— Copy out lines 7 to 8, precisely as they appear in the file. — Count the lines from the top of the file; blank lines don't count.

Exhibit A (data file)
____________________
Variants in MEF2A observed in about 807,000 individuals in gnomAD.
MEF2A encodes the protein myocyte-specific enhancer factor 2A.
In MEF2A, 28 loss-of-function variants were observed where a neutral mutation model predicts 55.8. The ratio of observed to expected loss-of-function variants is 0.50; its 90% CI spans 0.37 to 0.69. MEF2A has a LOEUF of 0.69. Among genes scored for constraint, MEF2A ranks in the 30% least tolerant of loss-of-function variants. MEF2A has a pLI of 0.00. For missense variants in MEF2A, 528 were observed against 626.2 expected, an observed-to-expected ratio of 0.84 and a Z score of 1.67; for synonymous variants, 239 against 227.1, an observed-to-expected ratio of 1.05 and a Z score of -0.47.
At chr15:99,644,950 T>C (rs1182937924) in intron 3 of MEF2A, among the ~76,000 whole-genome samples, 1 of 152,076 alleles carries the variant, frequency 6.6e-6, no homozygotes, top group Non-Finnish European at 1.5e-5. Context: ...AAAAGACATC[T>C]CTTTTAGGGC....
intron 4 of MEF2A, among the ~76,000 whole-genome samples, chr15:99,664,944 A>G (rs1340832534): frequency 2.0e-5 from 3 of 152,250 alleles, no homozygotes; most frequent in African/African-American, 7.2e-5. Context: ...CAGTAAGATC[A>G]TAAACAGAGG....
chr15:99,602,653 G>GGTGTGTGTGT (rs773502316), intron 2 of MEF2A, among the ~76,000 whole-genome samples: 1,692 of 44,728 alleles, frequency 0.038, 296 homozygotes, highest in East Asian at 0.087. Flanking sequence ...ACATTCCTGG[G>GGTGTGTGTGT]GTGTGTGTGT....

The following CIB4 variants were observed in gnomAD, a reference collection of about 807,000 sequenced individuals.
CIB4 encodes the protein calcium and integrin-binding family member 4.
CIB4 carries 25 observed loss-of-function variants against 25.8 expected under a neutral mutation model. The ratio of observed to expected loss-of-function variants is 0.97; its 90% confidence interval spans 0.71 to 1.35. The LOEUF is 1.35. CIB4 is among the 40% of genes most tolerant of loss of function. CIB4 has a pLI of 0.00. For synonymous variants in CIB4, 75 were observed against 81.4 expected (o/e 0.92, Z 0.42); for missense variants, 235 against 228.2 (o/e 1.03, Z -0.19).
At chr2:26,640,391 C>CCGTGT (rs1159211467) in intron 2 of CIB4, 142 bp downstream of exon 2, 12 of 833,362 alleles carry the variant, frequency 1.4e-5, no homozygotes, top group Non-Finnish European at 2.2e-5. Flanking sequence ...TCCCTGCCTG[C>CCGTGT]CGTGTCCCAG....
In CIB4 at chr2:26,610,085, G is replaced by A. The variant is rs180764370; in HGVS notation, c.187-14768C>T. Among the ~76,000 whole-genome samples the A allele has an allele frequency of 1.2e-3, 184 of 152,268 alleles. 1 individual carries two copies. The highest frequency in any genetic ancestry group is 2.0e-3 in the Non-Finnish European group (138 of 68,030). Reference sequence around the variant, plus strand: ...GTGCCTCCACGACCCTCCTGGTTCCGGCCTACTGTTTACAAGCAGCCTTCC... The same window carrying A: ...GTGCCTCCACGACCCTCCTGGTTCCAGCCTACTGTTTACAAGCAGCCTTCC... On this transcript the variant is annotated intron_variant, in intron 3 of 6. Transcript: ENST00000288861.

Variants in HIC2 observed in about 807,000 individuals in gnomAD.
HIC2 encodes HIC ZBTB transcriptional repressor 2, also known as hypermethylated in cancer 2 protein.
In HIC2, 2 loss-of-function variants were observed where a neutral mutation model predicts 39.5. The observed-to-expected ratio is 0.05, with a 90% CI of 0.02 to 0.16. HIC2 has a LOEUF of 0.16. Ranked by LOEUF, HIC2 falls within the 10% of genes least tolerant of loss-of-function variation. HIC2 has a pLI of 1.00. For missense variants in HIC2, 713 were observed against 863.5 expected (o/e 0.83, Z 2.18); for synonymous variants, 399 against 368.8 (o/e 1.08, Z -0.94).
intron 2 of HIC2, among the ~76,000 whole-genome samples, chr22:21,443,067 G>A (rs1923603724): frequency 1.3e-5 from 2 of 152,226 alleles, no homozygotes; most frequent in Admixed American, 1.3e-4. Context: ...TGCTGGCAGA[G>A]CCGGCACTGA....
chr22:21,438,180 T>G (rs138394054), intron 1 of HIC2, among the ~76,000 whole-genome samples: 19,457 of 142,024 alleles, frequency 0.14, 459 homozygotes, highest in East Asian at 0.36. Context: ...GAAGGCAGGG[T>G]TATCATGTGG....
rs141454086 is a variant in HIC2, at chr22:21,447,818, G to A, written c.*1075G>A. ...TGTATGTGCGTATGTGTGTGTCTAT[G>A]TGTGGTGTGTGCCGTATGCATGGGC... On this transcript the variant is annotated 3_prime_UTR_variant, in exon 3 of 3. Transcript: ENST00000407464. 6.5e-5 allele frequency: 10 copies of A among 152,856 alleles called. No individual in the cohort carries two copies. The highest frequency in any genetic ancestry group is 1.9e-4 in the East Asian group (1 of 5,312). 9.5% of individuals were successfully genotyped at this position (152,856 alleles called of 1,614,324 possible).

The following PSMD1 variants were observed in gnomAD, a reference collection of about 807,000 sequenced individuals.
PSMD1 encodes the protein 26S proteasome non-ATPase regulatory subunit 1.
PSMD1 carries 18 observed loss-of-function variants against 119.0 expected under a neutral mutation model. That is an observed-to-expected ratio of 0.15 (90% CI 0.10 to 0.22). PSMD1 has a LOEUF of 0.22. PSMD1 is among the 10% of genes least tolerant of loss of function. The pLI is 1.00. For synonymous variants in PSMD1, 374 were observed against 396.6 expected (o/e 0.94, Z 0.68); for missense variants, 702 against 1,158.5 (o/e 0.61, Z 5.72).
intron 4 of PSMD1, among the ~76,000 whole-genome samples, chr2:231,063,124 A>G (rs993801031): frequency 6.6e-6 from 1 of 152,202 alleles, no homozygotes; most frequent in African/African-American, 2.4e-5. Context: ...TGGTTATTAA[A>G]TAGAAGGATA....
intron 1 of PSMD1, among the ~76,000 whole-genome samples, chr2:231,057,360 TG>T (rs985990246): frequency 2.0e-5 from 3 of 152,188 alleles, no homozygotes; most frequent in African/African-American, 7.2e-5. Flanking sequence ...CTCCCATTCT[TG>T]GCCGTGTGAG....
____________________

The following CIB4 variants were observed in gnomAD, a reference collection of about 807,000 sequenced individuals.
CIB4 encodes the protein calcium and integrin-binding family member 4.